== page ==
7 Steps to Smarter Food Shopping

Make a positive impact on your next trip to the grocery store.


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Heading out to the grocery store? This is a household errand that everyone does, with the primary shopper in the US going an average of 1.6 times a week, according to Statista. This seemingly mundane task can become meaningful by tweaking a few ingrained habits and making it more eco-friendly. Your shopping behavior can reduce pollution, global warming, and your carbon footprint.

Here are seven shopping tips that will make a difference to the environment, and if everyone were to make these small changes together, the impact could be even greater.

Reduce use of plastic bags

Although many have already switched to canvas bags to pack their groceries, they still use the store’s plastic produce bags for fruit, vegetables, nuts, and seeds. Try to recycle your plastic produce bags. Instead of throwing them out, keep them, stuff them into your canvas bags, and bring them along on your next trip to the store. Use them and reuse them until they fall apart.

Or, you can purchase reusable, washable mesh produce bags. Many of the “natural” bags being sold are made from 100 percent organic cotton, but did you know that organic cotton is not good for the environment? According to Bustle, the quantity of water used to grow organic cotton makes it a poor swap for plastic. So think again.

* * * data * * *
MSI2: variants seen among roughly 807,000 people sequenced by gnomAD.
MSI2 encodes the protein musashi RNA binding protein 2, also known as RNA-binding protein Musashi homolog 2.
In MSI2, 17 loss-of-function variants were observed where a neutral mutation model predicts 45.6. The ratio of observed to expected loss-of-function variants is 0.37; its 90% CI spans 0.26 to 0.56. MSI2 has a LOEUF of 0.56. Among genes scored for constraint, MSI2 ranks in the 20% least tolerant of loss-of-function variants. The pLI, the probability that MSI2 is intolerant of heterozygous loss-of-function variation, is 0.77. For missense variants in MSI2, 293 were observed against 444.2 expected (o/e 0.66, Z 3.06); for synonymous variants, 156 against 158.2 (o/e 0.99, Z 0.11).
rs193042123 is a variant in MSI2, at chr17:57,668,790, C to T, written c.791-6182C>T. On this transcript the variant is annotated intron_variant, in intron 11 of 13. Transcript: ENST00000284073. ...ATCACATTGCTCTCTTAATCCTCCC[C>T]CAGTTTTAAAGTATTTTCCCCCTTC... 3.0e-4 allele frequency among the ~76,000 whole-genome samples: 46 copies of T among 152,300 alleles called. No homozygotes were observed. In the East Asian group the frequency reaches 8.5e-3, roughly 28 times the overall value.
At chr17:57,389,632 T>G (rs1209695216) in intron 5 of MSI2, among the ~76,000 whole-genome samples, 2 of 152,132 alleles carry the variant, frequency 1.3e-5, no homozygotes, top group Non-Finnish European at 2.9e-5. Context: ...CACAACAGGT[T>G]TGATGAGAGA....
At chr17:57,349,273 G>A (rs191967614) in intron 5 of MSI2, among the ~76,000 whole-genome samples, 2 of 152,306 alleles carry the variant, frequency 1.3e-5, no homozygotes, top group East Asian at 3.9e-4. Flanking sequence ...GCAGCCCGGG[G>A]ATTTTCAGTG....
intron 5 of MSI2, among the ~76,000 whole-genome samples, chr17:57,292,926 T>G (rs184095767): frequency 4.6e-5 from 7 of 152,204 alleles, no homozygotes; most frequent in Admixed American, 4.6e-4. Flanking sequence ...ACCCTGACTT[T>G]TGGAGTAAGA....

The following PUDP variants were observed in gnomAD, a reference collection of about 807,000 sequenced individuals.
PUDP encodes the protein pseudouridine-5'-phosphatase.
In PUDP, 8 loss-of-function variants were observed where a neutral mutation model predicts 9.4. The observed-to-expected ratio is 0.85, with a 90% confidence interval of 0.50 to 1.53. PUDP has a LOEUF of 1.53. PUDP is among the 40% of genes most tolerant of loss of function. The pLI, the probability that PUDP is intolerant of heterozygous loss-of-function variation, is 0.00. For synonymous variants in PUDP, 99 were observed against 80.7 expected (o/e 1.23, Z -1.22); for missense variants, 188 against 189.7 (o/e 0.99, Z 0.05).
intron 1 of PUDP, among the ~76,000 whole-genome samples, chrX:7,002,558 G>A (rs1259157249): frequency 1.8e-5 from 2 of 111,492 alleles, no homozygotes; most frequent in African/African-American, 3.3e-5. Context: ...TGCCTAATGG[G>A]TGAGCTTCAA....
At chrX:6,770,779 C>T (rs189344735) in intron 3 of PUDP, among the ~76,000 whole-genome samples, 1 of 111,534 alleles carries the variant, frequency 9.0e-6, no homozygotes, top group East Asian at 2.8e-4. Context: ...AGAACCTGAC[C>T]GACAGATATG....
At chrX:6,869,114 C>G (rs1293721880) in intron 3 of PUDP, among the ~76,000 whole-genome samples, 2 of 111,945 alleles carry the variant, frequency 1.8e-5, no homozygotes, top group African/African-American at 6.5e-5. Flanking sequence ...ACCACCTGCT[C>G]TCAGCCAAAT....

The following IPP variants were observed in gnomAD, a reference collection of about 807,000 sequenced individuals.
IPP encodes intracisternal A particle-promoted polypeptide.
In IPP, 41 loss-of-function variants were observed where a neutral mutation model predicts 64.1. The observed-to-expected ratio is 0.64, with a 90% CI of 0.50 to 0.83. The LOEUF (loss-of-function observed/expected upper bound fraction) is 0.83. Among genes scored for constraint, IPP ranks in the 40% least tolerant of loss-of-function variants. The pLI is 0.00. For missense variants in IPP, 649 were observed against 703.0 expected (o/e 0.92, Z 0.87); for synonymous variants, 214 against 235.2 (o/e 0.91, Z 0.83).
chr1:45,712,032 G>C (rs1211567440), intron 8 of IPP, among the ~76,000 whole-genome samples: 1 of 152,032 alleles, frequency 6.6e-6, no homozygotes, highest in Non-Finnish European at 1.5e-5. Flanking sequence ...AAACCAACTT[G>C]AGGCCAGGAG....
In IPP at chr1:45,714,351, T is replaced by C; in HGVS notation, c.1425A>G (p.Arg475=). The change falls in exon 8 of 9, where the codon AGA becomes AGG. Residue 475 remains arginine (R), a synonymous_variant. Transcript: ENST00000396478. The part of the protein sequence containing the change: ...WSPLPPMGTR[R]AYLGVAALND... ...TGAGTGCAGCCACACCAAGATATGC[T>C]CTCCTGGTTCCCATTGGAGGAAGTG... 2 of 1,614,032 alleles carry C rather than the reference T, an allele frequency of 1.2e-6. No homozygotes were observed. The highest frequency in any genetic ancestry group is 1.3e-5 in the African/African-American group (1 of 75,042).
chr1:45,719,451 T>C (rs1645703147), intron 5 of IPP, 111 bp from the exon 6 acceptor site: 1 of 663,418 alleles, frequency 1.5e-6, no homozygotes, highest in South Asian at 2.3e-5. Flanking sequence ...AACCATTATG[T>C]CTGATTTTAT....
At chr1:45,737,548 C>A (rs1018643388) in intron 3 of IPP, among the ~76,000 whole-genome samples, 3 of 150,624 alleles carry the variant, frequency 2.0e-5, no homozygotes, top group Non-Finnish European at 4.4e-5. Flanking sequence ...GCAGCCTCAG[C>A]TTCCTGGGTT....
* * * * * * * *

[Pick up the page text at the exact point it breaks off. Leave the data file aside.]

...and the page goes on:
Another option is upcycling old cotton T-shirts or pillow cases into produce bags. Or, just do without the plastic bags. When it comes to larger produce items, place them in your cart without a bag; you will be washing them before you use them anyway.

Shop at a farmers market

When you head to the farmers market, you are sure to be buying fresh produce that is in season. As the produce will not have been transported very far, you are also reducing the carbon footprint involved in shipping food. Also, most of the produce you find at the market is naturally stacked and not over packaged as found in the grocery store.

It is also satisfying to support your local farmers and connect with the people who are growing your food. Check out Local Harvest for a list of all the farmers markets and farms that sell produce in the US. These fruits and vegetables are farm-fresh and taste so much better!

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Use glass mason jars

This is a way to eliminate plastic bags for good. Keep old jam jars or larger tomato sauce jars, or buy mason jars at a thrift store. Going Zero Waste has this down pat, suggesting you first weigh the jar on a kitchen scale and write the weight (the tare) on the jar. Then head to the store with your reusable containers.

Before you start to fill the jars, confirm whether the supermarket has taring capabilities, meaning they weigh your filled container and subtract the weight of the jar. Use your phone to take a photo of the bin number or write it on your jar. You can place nuts, seeds, dried fruits, even fresh fish, meat, and cheese in your jars.

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Choose to buy bulk

Many stores offer bulk food sections and some are dedicated to selling only in bulk. Buying in bulk is cheaper and it reduces all packaging. This is really important since plastic takes more than 400 years to degrade and, according to National Geographic, 90 percent all plastic is not recycled. If you do not have access to bulk-food shopping, recycle the plastic bags.